1. Hi Lol,

        I appreciate the response. I guess my main gripe is when people use lazy feminist tropes (bra burning…), and assume that women can’t think for themselves. What’s more, people shouldn’t be apologetic about taking a feminist stance.
        Maybe D&AD could have made more of her credentials, maybe they could have shouted more about the students and new creatives who were given free tickets. You weren’t the only people to notice this. 
        In addition to Moran’s book (which I haven’t read yet) I’d recommend John Berger’s Ways of Seeing, which relates particularly to how women are portrayed in advertising. At least we all know there’s more work to be done…


      2. Hi Luc,
        Something’s come up that Nat and I would love to chat to you about… in the interests of rant-off-setting 🙂 Not sure how to message you from here, but do you have an email address please? Thank you…Lol


      3. Hi Luc,

        Something’s come up that Nat and I would love to chat to you about… in the interests of rant-off-setting 🙂 Not sure how to message you from here, but do you have an email address please? Thank you…Lol


  2. I did not attend either ceremony, but introducing someone’s role as being “adding a bit of glamour” and not revealing their name or position in the industry, is disrespectful and insensitive. Especially if that person was invited along because of their role in the industry. If this is indeed what happened, D&AD should simply apologize, accept their mistake, and not go about trying to defend it.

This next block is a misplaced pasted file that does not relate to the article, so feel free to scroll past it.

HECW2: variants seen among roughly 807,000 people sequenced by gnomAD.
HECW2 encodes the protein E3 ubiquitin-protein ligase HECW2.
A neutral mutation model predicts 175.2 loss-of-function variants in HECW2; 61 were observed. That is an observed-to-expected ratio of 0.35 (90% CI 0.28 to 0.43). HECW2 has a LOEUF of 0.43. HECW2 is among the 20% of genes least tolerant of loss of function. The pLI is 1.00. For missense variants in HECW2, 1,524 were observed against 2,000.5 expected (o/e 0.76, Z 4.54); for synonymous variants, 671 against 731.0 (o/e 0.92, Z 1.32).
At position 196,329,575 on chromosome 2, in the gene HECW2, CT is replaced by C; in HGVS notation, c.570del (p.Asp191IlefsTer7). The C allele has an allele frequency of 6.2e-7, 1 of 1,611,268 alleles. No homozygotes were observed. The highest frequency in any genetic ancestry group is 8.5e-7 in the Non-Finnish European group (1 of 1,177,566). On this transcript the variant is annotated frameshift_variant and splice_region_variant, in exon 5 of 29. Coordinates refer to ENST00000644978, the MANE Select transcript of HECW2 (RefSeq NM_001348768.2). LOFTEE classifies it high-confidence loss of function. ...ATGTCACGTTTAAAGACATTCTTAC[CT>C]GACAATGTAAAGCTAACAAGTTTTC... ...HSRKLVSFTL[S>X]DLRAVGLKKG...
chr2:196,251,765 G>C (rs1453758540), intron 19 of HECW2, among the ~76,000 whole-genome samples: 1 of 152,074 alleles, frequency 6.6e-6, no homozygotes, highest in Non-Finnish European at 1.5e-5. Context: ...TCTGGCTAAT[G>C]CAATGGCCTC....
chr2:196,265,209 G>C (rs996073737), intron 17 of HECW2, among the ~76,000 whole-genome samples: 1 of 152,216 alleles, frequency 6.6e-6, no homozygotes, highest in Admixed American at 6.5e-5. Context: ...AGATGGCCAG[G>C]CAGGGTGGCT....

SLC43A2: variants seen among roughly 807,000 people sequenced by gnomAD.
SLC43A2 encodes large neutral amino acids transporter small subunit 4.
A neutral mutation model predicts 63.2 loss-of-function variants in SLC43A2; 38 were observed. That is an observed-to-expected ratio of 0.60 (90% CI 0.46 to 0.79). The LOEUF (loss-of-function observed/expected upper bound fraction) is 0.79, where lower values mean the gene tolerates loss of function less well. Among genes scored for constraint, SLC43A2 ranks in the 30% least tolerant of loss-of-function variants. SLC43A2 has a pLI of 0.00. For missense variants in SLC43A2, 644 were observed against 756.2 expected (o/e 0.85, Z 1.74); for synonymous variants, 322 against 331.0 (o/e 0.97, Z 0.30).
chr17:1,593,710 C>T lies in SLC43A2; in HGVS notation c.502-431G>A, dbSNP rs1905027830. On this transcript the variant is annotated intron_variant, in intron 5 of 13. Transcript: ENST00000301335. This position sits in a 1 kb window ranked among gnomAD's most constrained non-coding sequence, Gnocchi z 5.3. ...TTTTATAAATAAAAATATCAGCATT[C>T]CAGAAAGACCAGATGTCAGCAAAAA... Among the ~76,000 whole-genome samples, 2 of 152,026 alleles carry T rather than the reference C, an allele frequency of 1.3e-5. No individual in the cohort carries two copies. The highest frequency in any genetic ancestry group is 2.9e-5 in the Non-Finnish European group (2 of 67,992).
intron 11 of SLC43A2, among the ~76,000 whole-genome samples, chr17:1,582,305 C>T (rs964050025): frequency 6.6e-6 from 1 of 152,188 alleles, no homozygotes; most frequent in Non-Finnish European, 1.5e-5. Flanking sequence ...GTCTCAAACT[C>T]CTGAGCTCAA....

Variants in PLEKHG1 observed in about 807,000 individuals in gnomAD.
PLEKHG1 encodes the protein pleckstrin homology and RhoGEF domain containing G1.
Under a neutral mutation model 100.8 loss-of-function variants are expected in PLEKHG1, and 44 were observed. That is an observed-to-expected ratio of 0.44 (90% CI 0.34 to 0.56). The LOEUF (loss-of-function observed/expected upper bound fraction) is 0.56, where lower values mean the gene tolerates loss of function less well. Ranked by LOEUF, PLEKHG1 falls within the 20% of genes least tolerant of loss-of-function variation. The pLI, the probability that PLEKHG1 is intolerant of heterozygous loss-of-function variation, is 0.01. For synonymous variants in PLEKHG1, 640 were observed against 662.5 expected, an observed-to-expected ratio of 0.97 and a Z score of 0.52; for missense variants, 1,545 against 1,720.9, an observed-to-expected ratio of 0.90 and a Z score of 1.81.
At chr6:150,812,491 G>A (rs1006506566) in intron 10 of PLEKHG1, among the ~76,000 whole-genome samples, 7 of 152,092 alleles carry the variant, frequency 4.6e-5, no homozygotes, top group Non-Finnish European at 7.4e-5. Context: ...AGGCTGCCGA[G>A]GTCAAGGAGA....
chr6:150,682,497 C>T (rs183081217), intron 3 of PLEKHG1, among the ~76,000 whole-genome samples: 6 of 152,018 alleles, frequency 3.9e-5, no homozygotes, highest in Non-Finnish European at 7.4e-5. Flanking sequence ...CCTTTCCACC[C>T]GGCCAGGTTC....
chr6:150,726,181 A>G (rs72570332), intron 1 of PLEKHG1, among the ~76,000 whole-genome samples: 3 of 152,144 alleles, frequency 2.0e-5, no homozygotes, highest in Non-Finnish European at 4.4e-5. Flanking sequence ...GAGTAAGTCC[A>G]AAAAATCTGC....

On another note, Luc, please do not try to tell any woman how to define, express or talk about feminism.


  3. At last, women in mainstream agencies are starting to stand up to the institutionalised sexism in our industry.

    Good on ya Lolly and Nat. Don’t let the ant-feminists or so-called ‘Post-feminists’ stop you. And don’t apologise!

    The fact that Rosie Arnold had men handing out the pencils last year shows how she condones and perpetuates sexist attitudes by mirroring male behaviour (even if in reality she doesn’t think this, that’s what it looks like).

    And the fact that this ‘blonde’ – and yes, you’re right to say ‘all ‘blondes’ look the same in this context – they’re supposed to. You had correctly identified that the intentional use of a blonde in a ‘sexy’ outfit ‘serving’ the men had the effect of showing the girl as a generic female object.

    The fact that she was a ‘talented media intern’ is not relevant – she was there because she looked good  to men –  she was simply a symbol of being ‘allowed in’ to the male institution because she fits the ideal.

    She would not have been chosen if she was not ‘glamorous’. Remember the Wonderbra ad – ‘I never read the Economist’ Linda Foster, CEO, aged 29′. It’s the same message – women can join the boys club, but only on their terms. Rant over. For now.


  4. I agree with Gail, THANK YOU Lol and Nat for raising this issue in what is still largely a big boys’ club of advertising. That takes guts. And the more we talk about it, the more we dare to speak out against the accepted convention, the more we can change it for the better.

    Feminism lives!!


  5. Let’s be clear. I’m about as feminist-aware as an eighties banker being treated to some corporate ‘entertainment’ in the seedier streets of Hong Kong.

    But, I was at the awards show, and was pretty bloody surprised at the introduction the ‘trophy blonde’ was given. It felt more like being at a boxing match than the event of an educational organisation. Which all in all probably makes it a bit inappropriate, and left me the wrong kind of gob smacked.